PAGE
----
Buddhist significance of compassion

Compassion meditation, or Karuna, is essential when we are trying to achieve enlightenment.  

In Theravada Buddhism, living through Karuna is the key to attaining great happiness in life.  

It is one of the four brahmavihārās.

The four divine abodes (brahmavihārās)

Karuna, Buddhism says,  is one of the four “divine abodes” (brahmavihārās), which are the four main virtues taught in Buddhism. These are:

It is considered impossible to become a bodhisattva (one who has achieved enlightenment) without achieving a high level of Karuna.

Karuna is also important to Jainists.

Jainists use the “four reflections” to stop the influx of karma.

The four reflections of universal friendship are:

Health Benefits of Compassion Meditation Technique (Karuna)

Science has proven that compassion is important in life for health and happiness.

Here are some fascinating facts about compassion:

How To Do Buddhist Karuna Meditation For Compassion (Script)

Karuna meditation is best practised after loving-kindness.

Loving-kindness is like the soil on top of which we build the flowers of love.

But before you start being compassionate to others, first be compassionate to yourself.

It can take time to feel genuinely compassionate. Don’t feel bad if you don’t turn into Buddha on your first try. Give yourself time. When you try the Karuna technique below, be patient with yourself. When you’re compassionate to yourself, you will naturally start to be sympathetic to others too.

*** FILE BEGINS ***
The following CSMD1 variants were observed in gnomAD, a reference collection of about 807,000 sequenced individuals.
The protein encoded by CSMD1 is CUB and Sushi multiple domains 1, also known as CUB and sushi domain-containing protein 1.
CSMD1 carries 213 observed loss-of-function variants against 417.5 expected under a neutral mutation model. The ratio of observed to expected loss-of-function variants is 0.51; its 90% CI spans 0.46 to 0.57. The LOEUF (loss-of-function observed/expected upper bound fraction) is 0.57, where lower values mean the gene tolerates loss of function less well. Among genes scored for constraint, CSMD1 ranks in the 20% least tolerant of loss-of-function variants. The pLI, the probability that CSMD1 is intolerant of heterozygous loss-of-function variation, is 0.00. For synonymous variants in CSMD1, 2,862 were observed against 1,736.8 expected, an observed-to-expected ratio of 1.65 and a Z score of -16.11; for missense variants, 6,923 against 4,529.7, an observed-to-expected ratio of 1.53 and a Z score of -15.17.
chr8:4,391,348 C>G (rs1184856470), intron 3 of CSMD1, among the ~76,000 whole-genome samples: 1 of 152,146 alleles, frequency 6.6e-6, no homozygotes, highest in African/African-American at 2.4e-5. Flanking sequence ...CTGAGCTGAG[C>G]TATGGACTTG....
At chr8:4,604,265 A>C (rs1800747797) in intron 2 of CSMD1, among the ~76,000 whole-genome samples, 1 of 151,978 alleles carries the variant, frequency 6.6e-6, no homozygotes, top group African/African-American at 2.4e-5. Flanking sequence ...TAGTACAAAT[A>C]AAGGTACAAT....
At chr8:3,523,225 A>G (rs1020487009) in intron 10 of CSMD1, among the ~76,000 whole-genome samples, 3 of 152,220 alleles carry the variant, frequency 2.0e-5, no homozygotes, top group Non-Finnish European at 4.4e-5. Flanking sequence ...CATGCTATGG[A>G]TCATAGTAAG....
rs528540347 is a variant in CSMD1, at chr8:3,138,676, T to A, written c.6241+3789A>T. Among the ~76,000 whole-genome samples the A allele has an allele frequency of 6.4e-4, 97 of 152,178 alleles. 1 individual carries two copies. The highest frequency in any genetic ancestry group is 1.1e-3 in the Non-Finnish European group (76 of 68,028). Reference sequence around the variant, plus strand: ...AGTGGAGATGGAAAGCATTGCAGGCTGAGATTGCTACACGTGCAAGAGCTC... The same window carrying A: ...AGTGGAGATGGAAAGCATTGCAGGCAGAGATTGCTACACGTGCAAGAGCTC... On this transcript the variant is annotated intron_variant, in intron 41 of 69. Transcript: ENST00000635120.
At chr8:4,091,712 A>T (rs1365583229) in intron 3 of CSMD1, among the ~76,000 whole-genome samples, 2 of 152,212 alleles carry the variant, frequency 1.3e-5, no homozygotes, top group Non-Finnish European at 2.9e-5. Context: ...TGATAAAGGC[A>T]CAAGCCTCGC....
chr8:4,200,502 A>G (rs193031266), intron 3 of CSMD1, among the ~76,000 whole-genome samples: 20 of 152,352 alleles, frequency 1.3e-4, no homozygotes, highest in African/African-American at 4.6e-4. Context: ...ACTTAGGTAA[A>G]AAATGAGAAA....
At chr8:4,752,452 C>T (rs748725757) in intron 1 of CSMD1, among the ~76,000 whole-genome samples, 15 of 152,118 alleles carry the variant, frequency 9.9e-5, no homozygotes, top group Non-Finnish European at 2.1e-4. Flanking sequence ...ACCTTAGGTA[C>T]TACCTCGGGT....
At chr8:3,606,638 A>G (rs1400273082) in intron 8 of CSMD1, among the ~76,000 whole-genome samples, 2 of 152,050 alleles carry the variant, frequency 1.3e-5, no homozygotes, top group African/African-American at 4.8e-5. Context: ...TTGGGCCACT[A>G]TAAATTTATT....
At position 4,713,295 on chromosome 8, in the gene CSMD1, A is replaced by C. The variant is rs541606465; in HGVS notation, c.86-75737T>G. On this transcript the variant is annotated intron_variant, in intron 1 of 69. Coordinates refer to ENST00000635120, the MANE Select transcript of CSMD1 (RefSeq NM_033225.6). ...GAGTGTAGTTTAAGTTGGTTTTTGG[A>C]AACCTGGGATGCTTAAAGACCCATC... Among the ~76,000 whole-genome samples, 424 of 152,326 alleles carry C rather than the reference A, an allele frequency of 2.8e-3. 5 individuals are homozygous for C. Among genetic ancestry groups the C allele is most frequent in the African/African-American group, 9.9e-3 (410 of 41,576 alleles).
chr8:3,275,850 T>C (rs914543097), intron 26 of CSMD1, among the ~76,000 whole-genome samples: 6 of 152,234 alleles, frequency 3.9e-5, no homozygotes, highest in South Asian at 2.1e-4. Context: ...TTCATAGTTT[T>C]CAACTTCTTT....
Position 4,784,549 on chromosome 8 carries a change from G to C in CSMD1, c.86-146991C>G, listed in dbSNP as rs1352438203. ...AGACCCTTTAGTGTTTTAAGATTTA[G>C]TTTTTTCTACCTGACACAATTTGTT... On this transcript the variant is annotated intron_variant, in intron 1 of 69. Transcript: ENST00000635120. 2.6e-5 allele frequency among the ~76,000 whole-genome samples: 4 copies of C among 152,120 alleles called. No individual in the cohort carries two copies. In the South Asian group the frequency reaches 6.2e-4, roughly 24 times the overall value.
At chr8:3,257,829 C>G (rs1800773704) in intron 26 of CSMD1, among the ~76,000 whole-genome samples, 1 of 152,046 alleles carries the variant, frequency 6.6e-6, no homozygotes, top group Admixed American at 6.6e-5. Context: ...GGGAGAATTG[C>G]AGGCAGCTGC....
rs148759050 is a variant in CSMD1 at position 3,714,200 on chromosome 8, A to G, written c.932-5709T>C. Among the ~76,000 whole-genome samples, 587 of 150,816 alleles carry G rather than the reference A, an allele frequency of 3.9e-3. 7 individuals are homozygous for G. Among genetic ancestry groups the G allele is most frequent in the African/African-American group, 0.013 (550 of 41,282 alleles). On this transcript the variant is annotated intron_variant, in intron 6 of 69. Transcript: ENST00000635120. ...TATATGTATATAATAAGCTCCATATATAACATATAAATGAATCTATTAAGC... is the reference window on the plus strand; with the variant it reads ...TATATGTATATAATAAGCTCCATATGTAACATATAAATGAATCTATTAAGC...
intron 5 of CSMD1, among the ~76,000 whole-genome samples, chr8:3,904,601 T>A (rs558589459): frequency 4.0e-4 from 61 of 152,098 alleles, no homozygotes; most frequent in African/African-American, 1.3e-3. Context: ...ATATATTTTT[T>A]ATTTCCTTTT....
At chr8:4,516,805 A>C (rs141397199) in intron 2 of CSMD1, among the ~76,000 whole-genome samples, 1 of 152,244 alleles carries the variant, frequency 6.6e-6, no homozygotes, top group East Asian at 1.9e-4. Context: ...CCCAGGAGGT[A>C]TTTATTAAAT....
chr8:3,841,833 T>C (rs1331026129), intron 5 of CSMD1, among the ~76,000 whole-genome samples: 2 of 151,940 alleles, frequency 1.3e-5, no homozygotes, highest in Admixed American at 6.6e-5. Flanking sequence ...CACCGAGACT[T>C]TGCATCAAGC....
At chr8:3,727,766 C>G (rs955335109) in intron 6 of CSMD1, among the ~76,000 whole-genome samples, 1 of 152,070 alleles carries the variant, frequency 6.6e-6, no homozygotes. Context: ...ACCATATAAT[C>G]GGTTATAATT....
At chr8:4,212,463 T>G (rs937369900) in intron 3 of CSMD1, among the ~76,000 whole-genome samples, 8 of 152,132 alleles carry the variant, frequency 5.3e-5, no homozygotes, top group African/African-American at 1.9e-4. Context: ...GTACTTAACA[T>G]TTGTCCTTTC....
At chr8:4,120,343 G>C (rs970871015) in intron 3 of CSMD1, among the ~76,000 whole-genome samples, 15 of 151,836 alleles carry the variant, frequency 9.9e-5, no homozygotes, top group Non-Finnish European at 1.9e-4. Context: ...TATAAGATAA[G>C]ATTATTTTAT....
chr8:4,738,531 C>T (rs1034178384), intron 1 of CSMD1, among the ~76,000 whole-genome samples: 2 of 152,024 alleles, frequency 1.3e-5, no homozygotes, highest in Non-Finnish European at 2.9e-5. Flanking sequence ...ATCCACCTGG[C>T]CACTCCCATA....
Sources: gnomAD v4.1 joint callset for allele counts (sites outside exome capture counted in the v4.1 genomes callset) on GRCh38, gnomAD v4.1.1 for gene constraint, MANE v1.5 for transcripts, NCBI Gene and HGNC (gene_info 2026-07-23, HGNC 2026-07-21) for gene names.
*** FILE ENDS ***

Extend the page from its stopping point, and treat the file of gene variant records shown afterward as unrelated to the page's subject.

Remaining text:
Here’s how to do Karuna Meditation in the Buddhist tradition.

Compassion Meditation Script

Follow this compassion meditation script to boost your levels of compassion and empathy.

1)      Find somewhere quiet where you will not be disturbed. Sit with good posture in a comfortable position.

2)      Take a few moments to do a body scan meditation, focusing on the sensations in your body. You may also do a breathing meditation before continuing.

3)      Bring to mind unfortunate people. Begin with the people for whom you feel the most sympathy. Remember that sincerity is everything in the Karuna meditation technique.

4)      Wish the individual freedom from their suffering. Wish for them to be happier, healthier, more fortunate and more successful.

5)      You may find it beneficial to speak out your wish for this person. For instance, for someone who is ill, you may say, “May they become healthy and strong” or for someone unfortunate with money, “May they find financial security, richness and prosperity.” These lines are just examples—express your sincere compassion in the words that feel right to you.

6)      If you feel any conflicting emotions—for instance, if you feel judgmental of the person—be mindful of your feelings but do not dwell on them. Simply observe them.

8)      Get in touch with the feeling of compassion. Be mindful of it. How does it feel in the body and the mind? Are there any obstacles in the way to genuine compassion? Be aware of all that is happening within.

9) Compassion is a feeling, and a feeling is an energy. Connect with that inner energy of compassion. Meditate on it. The more you meditate on the energy of compassion, the more that energy will grow inside of you, making you more and more compassionate, developing your levels of Karuna one step at a time. Before long, you may feel like a Bodhisatva!

Self-Compassion Meditation Script

The self-compassion meditation script is the same as the one above but with more focus on the self.

While practising Karuna, remember to use the meditation for self-compassion as well as for other people.

Sure, everyone deserves compassion, and as loving people, we want to give loving-kindness to others. But we deserve that same warm regard.

That’s why we should use Karuna as a meditation for self-compassion as well. 

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Written by Paul Harrison

Paul Harrison is a qualified meditation teacher and writer with more than 15 years experience in meditation and mindfulness. He studied meditation in Oxford, UK, and Hamilton Ontario Canada, and earned his degree at Staffordshire University. Paul has helped thousands of people to discover their true potential through mindfulness, yoga and meditation.